• Jonathan on May 28, 2015, 10:48 GMT

    As they say, if you aren't making someone angry, you aren't doing it right. I found the piece very funny. I too haven't been able to watch any cricket recently, due to my refusal to pay Sky a penny, so it's good to know what I was missing from a person in the same place as me.

    As for a report on the County Cricket without having followed it, that seems rather like kicking an invalid after they've fallen down the stairs; but some description of empty grounds, rained-off matches, and Leicestershire failing to win again should pretty much cover it.

  • Ashok on May 28, 2015, 8:28 GMT

    I don't understand why so much hatred towards IPL. There are so many Leagues CPL, BBL,BPL, SPL, SA's Standard Bank Pro , NZ's HRV. Why there is no criticism about them? What's your problem with IPL?

  • Stalin on May 28, 2015, 7:31 GMT

    Every so called expert have their own opinion but all the sports or movies or dramas depends on the simple people who loves it critics always criticize something they criticize 95% and pat some 5% then told they are neutral. People in India loves IPL, we have lot of critics will write about article on EPL how much money they spend for their clubs but cant even able to winning one WC or European Championship!!!!!!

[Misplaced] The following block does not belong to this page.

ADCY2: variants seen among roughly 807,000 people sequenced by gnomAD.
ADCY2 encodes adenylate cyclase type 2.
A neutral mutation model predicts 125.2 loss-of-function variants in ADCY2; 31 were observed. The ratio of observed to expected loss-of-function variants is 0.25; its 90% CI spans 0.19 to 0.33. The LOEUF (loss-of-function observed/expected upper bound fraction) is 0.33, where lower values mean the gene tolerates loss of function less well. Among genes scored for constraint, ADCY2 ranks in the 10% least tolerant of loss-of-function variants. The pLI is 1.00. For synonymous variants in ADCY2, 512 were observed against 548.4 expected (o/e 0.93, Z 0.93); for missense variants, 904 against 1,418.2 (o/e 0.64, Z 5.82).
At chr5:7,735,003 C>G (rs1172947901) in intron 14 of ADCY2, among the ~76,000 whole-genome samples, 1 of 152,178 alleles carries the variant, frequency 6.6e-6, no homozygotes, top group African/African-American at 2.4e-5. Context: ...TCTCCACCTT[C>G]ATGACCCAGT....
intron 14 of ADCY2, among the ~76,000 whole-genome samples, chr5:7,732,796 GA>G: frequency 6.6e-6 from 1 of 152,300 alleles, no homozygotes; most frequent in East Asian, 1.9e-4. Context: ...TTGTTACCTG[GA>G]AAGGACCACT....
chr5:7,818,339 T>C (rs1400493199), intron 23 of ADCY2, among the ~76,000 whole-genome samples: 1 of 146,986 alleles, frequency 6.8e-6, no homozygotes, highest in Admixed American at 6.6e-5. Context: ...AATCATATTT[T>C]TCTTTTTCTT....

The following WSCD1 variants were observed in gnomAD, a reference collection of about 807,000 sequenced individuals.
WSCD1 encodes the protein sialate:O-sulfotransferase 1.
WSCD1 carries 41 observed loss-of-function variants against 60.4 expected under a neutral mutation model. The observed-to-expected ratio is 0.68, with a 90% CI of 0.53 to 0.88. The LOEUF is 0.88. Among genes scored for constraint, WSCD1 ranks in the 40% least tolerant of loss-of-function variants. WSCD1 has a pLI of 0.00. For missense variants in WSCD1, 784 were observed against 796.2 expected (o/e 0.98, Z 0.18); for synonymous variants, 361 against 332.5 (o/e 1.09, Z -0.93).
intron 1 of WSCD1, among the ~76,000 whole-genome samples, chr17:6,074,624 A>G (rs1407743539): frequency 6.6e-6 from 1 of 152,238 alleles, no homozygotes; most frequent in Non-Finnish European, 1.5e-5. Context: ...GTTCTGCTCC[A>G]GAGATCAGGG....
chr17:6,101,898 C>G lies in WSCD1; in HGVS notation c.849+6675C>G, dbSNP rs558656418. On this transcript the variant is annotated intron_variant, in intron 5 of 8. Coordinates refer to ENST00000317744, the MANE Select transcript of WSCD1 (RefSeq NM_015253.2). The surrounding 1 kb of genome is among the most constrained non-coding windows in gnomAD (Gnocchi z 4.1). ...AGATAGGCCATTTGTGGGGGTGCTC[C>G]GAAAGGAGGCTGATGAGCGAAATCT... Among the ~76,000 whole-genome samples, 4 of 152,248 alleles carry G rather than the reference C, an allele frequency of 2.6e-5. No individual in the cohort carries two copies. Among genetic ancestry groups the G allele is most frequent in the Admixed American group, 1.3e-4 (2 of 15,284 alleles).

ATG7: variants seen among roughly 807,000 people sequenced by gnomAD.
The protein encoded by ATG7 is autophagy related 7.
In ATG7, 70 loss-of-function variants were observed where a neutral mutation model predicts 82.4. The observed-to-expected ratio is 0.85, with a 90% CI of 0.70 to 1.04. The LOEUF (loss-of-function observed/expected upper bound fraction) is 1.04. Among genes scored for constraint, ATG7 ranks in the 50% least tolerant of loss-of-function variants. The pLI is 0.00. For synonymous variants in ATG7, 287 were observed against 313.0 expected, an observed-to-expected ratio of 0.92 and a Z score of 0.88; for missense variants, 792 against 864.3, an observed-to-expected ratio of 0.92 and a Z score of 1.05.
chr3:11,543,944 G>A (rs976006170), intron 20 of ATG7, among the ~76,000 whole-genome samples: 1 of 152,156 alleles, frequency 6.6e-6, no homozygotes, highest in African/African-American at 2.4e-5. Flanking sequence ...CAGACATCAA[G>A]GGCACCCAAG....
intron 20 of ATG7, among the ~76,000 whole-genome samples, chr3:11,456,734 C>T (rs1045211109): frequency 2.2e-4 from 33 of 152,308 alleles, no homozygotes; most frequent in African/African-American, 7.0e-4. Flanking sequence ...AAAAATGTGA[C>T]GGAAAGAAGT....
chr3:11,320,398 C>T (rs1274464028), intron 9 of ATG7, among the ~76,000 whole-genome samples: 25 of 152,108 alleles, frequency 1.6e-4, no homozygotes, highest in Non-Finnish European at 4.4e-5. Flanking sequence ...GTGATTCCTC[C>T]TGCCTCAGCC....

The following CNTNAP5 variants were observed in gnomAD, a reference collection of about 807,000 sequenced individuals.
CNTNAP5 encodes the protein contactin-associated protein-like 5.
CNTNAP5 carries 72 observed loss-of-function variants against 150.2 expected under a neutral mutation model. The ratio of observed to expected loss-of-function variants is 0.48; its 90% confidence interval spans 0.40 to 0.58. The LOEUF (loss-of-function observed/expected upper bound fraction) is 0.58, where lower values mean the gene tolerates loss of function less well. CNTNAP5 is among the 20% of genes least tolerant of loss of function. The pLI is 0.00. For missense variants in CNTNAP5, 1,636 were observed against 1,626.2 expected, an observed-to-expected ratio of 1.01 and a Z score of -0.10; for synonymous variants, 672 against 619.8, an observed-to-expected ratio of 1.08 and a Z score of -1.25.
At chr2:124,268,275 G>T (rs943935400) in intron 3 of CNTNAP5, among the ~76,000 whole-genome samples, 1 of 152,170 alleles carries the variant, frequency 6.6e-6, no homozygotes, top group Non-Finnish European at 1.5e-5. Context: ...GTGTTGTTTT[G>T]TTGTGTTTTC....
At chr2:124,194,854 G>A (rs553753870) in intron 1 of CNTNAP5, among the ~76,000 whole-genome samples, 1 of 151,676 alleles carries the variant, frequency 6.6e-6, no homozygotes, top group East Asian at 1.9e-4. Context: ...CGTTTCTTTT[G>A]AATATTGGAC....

• Amol on May 28, 2015, 4:58 GMT

    No mention of SRH!!!! Well, cant blame Andrew. Even those avidly following and watching IPL on TV barely notice and remember that team (and this despite the fact that their captain won Orange Cap this year!!!!)

    :)

  • Jay on May 27, 2015, 22:26 GMT

    @Yoohoo: I am a proud IPL and T20 fan and will always be. I cannot imagine myself admiring or liking test cricket ever. Having said that, I believe test cricket has its place and time. But coming to Cricinfo, it seems the test purists here have no better past time other than to pick on T20 cricket and the IPL. They fail to look at the positive aspects of this great tournament and what it has done to the world of cricket. Look at England and its people. They rubbish the IPL citing the cash on offer, no loyalties etc, But they are addicted to the EPL which the last time I checked is nothing but a club league with tons of money, no national passion or loyalties etc. Their whole attitude reeks of contradiction. Just cause you cannot have a league like the IPL in your own backyard, does not mean you speak poorly about it. Oh as a footnote, nobody in India cares about county cricket either. Peace.

  • Jay on May 27, 2015, 22:17 GMT

    @ChuckyDoll: You sure you live in the USA? Cause Americans don't like to waste 5 valuable days of doing nothing and by that definition, I meant test cricket. Try baseball or hockey. Much better than watching any test match.